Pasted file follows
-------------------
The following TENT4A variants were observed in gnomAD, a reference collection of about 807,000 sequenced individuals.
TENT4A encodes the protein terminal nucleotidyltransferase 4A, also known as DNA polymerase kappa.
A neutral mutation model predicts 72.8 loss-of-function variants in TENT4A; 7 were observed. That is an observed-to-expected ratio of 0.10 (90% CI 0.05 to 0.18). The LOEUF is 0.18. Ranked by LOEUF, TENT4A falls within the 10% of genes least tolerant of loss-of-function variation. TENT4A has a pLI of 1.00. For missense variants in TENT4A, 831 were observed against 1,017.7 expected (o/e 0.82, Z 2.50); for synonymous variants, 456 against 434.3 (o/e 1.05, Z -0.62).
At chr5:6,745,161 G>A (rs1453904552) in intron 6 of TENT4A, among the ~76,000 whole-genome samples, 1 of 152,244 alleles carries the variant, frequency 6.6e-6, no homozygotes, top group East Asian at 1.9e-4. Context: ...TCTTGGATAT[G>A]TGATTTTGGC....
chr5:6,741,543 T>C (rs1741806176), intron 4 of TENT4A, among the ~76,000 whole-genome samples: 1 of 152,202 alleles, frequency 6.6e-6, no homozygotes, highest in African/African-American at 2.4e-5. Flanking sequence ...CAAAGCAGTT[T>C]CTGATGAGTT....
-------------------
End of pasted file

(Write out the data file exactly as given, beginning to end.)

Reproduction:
The following TENT4A variants were observed in gnomAD, a reference collection of about 807,000 sequenced individuals.
TENT4A encodes the protein terminal nucleotidyltransferase 4A, also known as DNA polymerase kappa.
A neutral mutation model predicts 72.8 loss-of-function variants in TENT4A; 7 were observed. That is an observed-to-expected ratio of 0.10 (90% CI 0.05 to 0.18). The LOEUF is 0.18. Ranked by LOEUF, TENT4A falls within the 10% of genes least tolerant of loss-of-function variation. TENT4A has a pLI of 1.00. For missense variants in TENT4A, 831 were observed against 1,017.7 expected (o/e 0.82, Z 2.50); for synonymous variants, 456 against 434.3 (o/e 1.05, Z -0.62).
At chr5:6,745,161 G>A (rs1453904552) in intron 6 of TENT4A, among the ~76,000 whole-genome samples, 1 of 152,244 alleles carries the variant, frequency 6.6e-6, no homozygotes, top group East Asian at 1.9e-4. Context: ...TCTTGGATAT[G>A]TGATTTTGGC....
chr5:6,741,543 T>C (rs1741806176), intron 4 of TENT4A, among the ~76,000 whole-genome samples: 1 of 152,202 alleles, frequency 6.6e-6, no homozygotes, highest in African/African-American at 2.4e-5. Flanking sequence ...CAAAGCAGTT[T>C]CTGATGAGTT....